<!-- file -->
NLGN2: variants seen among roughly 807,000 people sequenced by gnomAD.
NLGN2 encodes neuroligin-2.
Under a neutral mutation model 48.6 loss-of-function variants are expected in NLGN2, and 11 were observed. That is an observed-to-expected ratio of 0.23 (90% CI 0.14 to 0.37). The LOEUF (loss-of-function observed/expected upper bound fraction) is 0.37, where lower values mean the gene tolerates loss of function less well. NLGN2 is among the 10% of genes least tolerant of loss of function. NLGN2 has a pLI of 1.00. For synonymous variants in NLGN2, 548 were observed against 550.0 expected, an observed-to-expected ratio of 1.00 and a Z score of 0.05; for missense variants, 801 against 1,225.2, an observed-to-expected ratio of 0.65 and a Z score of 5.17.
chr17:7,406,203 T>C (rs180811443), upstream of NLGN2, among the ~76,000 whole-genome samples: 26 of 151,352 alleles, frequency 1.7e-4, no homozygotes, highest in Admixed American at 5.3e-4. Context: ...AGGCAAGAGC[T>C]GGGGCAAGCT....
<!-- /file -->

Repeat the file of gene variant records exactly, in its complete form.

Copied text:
NLGN2: variants seen among roughly 807,000 people sequenced by gnomAD.
NLGN2 encodes neuroligin-2.
Under a neutral mutation model 48.6 loss-of-function variants are expected in NLGN2, and 11 were observed. That is an observed-to-expected ratio of 0.23 (90% CI 0.14 to 0.37). The LOEUF (loss-of-function observed/expected upper bound fraction) is 0.37, where lower values mean the gene tolerates loss of function less well. NLGN2 is among the 10% of genes least tolerant of loss of function. NLGN2 has a pLI of 1.00. For synonymous variants in NLGN2, 548 were observed against 550.0 expected, an observed-to-expected ratio of 1.00 and a Z score of 0.05; for missense variants, 801 against 1,225.2, an observed-to-expected ratio of 0.65 and a Z score of 5.17.
chr17:7,406,203 T>C (rs180811443), upstream of NLGN2, among the ~76,000 whole-genome samples: 26 of 151,352 alleles, frequency 1.7e-4, no homozygotes, highest in Admixed American at 5.3e-4. Context: ...AGGCAAGAGC[T>C]GGGGCAAGCT....